ADT Loses Trademark Battle With Former APT Competitor
The security giant had sought reversal of its $27 million damages claim of a year ago.
BOCA RATON, Fla. – Security giant ADT has lost a trademark infringement appeal against a smaller competitor calling itself APT (Alarm Protection Technology), reports the Daily Business Review. ADT argued that the West Palm Beach federal jury that rejected its $27 million damages claims last year was working from flawed instructions. The company wanted the jury to be instructed on the initial interest confusion doctrine, which allows a trademark infringement finding when customers have a temporary misunderstanding that is cleared up before a sale is closed.
“When we would knock on our door and announce ourselves, ADT believed we initially confused [the customer] at the door,” said attorney Michael Marcil, who represents Utah-based APT, which is now called Alder. The U.S. Court of Appeals for the Eleventh Circuit hasn’t adopted the initial interest confusion doctrine, a three-judge panel ruled March 24. The legal theory has been approved by other jurisdictions, noted Circuit Judges William Pryor and Joel Dubina and U.S. District Judge Eduardo Robreno. “The Eleventh Circuit has not yet decided whether a trademark infringement claim based on ‘initial interest confusion’ is actionable under the Lanham Act,” the panel said without endorsing the doctrine.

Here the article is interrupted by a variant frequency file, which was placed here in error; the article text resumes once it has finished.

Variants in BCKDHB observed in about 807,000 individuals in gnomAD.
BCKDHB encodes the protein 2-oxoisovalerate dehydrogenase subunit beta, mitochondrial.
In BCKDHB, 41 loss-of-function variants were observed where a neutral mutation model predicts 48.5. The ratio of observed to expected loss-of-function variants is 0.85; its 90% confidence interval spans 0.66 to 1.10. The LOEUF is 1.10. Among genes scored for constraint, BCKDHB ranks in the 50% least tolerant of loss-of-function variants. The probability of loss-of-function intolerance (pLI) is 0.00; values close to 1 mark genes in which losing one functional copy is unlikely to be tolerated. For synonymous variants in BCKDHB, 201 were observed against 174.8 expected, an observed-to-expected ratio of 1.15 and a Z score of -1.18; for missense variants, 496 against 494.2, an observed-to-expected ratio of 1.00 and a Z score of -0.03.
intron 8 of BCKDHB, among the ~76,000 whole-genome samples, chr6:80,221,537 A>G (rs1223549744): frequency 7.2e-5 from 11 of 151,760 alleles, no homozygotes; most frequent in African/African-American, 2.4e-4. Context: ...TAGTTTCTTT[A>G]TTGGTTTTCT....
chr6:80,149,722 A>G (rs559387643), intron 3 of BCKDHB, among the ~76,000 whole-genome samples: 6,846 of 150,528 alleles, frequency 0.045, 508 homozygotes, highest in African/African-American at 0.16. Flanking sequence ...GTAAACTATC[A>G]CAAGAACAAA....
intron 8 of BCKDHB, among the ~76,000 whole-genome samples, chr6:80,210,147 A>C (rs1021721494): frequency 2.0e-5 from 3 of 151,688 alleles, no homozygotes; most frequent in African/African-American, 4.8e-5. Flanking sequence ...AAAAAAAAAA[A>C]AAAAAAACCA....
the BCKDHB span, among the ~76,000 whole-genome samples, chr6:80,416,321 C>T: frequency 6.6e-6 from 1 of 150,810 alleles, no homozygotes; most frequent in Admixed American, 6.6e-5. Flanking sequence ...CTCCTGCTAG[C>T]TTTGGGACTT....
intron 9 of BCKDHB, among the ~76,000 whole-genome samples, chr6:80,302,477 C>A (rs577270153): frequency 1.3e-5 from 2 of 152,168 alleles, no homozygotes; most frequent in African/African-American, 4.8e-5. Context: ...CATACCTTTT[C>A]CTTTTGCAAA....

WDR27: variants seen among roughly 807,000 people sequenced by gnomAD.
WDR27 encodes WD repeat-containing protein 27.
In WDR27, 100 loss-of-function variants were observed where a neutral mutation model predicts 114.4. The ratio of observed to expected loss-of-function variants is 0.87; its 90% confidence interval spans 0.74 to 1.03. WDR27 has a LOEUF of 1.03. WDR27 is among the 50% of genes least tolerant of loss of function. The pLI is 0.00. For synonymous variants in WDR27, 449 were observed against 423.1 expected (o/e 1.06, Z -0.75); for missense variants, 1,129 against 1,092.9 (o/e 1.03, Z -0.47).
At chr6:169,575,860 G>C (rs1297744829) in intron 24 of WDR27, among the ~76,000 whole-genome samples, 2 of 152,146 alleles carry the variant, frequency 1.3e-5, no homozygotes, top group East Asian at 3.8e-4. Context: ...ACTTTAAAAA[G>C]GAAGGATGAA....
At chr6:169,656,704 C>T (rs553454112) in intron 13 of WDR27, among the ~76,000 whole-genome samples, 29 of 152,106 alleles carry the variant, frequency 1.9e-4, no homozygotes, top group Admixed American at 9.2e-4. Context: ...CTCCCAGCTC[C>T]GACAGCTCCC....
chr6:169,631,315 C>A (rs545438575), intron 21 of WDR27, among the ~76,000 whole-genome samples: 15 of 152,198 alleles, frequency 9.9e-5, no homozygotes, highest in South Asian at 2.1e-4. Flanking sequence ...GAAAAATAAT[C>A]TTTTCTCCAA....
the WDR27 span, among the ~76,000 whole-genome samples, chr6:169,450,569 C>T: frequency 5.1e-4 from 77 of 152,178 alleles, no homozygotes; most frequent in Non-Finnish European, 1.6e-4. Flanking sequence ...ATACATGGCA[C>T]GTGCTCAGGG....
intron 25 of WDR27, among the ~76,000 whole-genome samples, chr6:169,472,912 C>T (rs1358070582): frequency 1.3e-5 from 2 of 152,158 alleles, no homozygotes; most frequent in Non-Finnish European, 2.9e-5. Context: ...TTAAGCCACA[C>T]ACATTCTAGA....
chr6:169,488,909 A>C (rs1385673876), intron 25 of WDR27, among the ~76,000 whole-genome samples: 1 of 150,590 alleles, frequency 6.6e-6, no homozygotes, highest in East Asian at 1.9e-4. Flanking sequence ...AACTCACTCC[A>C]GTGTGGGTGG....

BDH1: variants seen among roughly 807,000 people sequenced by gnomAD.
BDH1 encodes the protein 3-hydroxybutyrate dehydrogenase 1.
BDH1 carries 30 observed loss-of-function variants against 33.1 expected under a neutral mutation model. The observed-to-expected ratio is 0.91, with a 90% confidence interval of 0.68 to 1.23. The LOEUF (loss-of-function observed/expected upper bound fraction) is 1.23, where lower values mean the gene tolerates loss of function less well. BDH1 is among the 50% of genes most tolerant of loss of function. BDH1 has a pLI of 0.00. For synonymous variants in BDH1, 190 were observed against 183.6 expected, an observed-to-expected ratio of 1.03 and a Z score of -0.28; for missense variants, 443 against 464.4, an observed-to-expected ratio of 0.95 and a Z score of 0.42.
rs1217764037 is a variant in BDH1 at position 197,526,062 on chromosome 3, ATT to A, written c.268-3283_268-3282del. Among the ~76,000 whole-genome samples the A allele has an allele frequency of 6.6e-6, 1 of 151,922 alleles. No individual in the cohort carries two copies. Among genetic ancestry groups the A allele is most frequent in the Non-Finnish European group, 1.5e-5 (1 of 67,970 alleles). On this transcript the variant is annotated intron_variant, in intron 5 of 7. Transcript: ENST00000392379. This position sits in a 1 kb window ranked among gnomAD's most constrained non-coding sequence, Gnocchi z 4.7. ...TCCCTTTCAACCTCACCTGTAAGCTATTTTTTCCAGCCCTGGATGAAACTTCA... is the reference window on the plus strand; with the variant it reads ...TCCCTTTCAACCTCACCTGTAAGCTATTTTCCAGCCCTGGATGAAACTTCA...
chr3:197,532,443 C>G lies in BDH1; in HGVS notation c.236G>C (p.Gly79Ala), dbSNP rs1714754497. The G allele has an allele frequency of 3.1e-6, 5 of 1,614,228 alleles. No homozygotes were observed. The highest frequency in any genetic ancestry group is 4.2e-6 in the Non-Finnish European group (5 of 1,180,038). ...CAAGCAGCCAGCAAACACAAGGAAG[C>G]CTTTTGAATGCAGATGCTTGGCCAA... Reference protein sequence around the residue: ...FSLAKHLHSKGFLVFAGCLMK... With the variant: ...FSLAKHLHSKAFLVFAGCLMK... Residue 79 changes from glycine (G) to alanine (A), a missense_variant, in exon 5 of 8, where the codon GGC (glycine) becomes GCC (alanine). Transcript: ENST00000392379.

When U.S. District Judge Kenneth Ryskamp in West Palm Beach initially heard ADT’s motion to include the doctrine in the jury instructions, he rejected the argument but offered a compromise: The verdict form would ask whether customers were initially confused by APT’s door-to-door sales pitch.
ADT filed the lawsuit after hearing from Florida customers in 2012 that APT was coming to their doors and asking if they wanted to “upgrade” their alarm system. That phrasing and the similarity between the company names led customers to believe they would be sticking with ADT, the lawsuit claimed. APT argued it used questionnaires and welcome calls that made sure clients understood before the sale closed that the company was not affiliated with ADT.
After ADT won a preliminary injunction, AP dropped the T from its acronym and started using the name Alarm Protection. When the case went to trial in February 2015, Ryskamp instructed the jury to consider whether the entirety of APT’s trademark use was “likely to cause confusion as to the source, origin, affiliation, approval or sponsorship of the goods in question.”
“The jury decided whether they were confused initially at the door and whether the customer was confused at the point of sale,” Marcil said. “The jury said no. There was no confusion at all.”
The appellate panel found the instructions were appropriate because the “entirety” of the sales pitch included the question of initial confusion.
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